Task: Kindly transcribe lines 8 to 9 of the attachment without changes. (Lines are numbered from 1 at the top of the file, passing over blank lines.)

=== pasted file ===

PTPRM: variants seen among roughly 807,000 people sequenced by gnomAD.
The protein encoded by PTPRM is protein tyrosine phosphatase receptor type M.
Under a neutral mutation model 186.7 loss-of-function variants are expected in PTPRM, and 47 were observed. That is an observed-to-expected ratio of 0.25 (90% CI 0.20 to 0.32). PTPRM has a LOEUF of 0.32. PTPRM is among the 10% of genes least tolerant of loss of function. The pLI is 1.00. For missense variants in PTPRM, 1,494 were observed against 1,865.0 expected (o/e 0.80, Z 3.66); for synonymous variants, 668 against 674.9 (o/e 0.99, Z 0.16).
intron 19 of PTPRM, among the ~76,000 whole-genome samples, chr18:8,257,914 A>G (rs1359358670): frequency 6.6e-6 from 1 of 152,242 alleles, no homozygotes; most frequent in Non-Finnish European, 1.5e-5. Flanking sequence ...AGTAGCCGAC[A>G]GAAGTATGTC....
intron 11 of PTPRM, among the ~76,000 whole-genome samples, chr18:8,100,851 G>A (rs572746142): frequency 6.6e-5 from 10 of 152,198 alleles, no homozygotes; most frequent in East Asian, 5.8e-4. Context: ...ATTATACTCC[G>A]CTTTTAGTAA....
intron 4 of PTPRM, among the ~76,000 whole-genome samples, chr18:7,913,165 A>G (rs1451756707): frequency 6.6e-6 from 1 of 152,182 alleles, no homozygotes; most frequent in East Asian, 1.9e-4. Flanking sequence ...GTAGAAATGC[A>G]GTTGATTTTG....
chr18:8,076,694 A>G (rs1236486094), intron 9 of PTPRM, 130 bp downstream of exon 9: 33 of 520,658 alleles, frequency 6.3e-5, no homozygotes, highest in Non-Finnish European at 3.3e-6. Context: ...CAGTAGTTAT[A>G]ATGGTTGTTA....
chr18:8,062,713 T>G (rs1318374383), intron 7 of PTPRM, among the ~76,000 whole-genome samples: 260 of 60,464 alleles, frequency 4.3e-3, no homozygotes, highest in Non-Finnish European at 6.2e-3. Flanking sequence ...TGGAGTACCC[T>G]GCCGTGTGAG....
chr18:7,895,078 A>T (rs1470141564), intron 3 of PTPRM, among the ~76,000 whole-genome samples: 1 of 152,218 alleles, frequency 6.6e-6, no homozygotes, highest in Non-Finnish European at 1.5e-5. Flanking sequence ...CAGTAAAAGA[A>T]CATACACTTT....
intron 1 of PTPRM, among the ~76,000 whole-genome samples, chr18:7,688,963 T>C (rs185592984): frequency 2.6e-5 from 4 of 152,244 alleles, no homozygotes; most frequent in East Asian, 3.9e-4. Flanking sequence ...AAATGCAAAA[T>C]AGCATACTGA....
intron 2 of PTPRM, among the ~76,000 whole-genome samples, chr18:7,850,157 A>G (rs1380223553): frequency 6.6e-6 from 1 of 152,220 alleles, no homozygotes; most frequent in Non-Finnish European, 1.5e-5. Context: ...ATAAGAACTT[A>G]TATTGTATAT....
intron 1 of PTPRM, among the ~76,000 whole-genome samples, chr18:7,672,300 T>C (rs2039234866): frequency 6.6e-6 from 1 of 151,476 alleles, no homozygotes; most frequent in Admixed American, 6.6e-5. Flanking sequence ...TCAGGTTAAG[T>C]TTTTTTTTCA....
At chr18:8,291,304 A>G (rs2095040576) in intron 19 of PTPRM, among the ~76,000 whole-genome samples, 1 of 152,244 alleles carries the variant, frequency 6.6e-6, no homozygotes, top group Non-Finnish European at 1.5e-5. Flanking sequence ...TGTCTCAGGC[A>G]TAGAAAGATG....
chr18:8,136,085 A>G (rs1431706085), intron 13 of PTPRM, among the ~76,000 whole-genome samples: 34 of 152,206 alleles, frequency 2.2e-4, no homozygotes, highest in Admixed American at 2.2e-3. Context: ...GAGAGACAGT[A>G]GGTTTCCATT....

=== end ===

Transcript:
chr18:8,062,713 T>G (rs1318374383), intron 7 of PTPRM, among the ~76,000 whole-genome samples: 260 of 60,464 alleles, frequency 4.3e-3, no homozygotes, highest in Non-Finnish European at 6.2e-3. Flanking sequence ...TGGAGTACCC[T>G]GCCGTGTGAG....
chr18:7,895,078 A>T (rs1470141564), intron 3 of PTPRM, among the ~76,000 whole-genome samples: 1 of 152,218 alleles, frequency 6.6e-6, no homozygotes, highest in Non-Finnish European at 1.5e-5. Flanking sequence ...CAGTAAAAGA[A>T]CATACACTTT....